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Fall sheep herd reduction in evidence

Sheep growers are cutting down the herd with an eye to feeding costs this winter

Sheep producers at auction were looking to reduce herds to manage winter feed costs.

There was a distinct chill in the air at the Nov. 7 sheep and goat sale at Winnipeg Livestock Auction, but that cooling trend didn’t extend to the sales ring.

There the action was heating up as producers looked to reduce herds with an eye to managing winter feed costs after a long and dry summer.

Quality of animals on offer was affected by this culling trend, and selective buyers weren’t going to be swayed by the quantity of animals.

In the sheep sale, buyers were interested in quality ewes for future herd purposes, which sparked higher prices compared to the last sale, with only quality ewes seeing high bidding. There appeared to be no price differences between wool and hair ewes. A combination of young ewes and quality were what sparked strong buyer bidding. The real heavy ewes received $0.76/lb., compared to the average price range of $0.85 to $1/lb. Cull ewes had difficulties to find any proper value.

Hair rams dominated this class. The price ranged from $0.81 to $0.94/lb., although a 145-pound Katahdin-cross ram brought $1.09/lb.

The selection for heavyweight lambs was very limited for the local buyers. The eastern market is holding back the heavy lambs in this class.

The market lambs showed a decline in the bidding. The average price ranged from $1.50 to $1.66/lb. An exception was five 106-pound Suffolk-cross lambs which brought $1.70/lb. The buyers noticed these lambs immediately upon entering the arena.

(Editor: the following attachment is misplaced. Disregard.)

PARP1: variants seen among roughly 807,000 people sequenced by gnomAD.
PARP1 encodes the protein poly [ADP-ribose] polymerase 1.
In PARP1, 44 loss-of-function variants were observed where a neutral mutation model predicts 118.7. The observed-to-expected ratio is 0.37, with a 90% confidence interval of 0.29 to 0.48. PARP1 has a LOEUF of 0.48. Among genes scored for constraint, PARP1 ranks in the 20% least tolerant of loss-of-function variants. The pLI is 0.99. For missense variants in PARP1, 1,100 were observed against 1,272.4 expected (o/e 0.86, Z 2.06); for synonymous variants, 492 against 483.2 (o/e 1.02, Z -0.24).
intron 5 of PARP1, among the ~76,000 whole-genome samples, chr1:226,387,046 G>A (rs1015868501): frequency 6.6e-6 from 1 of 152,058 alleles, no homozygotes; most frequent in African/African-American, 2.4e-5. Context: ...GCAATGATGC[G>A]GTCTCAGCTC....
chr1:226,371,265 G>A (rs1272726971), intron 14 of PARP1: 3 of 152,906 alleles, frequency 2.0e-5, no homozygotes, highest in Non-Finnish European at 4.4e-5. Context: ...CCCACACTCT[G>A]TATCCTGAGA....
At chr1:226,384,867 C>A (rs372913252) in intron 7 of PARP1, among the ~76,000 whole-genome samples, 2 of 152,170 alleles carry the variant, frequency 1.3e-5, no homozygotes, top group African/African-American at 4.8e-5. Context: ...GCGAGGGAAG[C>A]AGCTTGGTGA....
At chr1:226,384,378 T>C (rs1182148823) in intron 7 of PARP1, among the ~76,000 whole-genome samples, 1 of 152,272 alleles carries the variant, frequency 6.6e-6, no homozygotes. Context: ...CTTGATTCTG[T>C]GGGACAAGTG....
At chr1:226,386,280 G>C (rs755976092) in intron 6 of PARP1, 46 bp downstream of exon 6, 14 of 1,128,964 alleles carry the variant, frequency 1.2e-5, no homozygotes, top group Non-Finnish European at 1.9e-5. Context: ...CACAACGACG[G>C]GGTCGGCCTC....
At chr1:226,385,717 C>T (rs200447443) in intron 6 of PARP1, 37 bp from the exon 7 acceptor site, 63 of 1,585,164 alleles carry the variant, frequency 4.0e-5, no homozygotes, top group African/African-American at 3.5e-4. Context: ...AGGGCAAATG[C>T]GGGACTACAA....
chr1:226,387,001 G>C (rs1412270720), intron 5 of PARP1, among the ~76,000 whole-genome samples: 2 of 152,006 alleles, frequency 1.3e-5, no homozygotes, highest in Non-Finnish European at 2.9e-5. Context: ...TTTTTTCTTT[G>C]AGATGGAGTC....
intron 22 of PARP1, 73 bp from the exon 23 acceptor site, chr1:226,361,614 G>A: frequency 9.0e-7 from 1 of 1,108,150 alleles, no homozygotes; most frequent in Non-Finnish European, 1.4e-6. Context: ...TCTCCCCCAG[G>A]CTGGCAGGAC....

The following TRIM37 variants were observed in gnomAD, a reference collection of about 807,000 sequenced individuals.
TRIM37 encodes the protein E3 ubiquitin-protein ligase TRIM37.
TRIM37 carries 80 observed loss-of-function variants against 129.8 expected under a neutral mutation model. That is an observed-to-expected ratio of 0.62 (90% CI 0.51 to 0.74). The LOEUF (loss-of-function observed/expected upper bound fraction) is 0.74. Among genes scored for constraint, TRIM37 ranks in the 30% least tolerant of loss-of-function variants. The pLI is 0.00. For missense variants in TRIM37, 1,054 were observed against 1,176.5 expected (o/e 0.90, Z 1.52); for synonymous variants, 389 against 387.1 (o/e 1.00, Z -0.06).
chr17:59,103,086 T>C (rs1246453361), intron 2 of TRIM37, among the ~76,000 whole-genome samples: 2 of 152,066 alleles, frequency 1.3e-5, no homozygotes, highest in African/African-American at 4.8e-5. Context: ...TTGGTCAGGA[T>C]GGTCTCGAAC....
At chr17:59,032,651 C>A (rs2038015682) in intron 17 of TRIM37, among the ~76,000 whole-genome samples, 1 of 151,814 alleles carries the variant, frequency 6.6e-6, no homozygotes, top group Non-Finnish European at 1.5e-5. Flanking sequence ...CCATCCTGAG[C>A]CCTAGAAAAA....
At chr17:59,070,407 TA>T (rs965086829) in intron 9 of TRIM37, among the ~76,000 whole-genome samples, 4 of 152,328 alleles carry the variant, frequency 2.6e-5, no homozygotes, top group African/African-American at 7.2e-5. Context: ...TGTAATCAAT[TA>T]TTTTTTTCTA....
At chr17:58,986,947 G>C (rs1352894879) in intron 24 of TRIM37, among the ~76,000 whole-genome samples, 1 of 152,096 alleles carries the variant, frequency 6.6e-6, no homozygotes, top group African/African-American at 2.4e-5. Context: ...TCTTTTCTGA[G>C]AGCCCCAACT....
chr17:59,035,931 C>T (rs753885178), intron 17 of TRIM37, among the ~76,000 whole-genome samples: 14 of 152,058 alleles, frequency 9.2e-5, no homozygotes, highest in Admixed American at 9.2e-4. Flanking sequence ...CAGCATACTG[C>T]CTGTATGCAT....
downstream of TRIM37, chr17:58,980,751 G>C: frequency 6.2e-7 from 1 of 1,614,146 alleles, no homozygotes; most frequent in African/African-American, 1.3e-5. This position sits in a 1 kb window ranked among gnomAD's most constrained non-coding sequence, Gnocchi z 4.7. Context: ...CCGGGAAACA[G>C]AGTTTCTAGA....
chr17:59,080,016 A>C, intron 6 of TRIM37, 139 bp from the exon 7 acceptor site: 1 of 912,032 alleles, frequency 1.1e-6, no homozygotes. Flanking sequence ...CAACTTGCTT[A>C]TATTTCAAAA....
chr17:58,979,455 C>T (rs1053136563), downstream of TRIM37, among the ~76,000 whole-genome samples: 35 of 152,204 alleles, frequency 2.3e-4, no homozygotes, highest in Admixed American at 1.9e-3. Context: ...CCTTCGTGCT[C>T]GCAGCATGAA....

Feeder lambs were well represented for this sale. Overall, certain groups of hair lambs could not maintain the average range from $1.30 to $1.39/lb. An exception were two groups of Katahdin-cross lambs reaching $1.62/lb. The average price for the wool feeder lambs was $1.62 to $1.79/lb. However, even high-quality feeder lambs created another range from $1.80 to $1.86/lb.

The lightweight 70-plus lambs maintained the average price range from $1.64 to $1.79/lb. Quality kept the buyers interested in these lighter lambs.

There appeared to be a price difference between the wool and hair 60-plus lambs. The wool lambs brought an average from $1.60 to $1.76/lb., while the hair lambs brought $1.42 to $1.55/lb.

The buyers were truly not interested in the 50-plus lambs, though a group of five 52-pound Cheviot-cross lambs brought $1.73/lb. as they were very well developed and quite noticeable. Another group that brought some serious bidding were four 55-pound Rideau-cross lambs that brought $1.68/lb.

The very lightweight lambs had negligible interest from the buyers. The auctioneer had his hands full to squeeze any bids. The only benefit was that there were only a few at this sale. Even the occasional local buyers were not bidding.

During the goat sale, buyers were already looking forward to the spring kidding season, with purchases of goat does solidly on the agenda. The importance of having breeding goat does caused buyers to overlook issues of age and quality at this time.

There was a wide range of Boer-cross bucks that showed a variety of characters upon entering the arena. A 160-pound Boer-cross buck showed off his fancy appearance with his prancing behaviour while in the arena. A 120-pound Boer-cross buck made it clear that he would control half of the arena and the ringmaster could walk around in the other portion. But he was sure that line was not to be crossed at any time. A true challenger buck.

The usual exciting bidding from the buyers on the goat kids was missing. The bidding was not as strong as usual, producing much lower prices on all the goat kid weights and breeds. Quality did bring higher prices.

The Ontario Stockyard Report showed that the supply of sheep and goats were noticeably lower than many of the other sales. Even with limited supply, there was no major price bidding. Sales were only average for that day.

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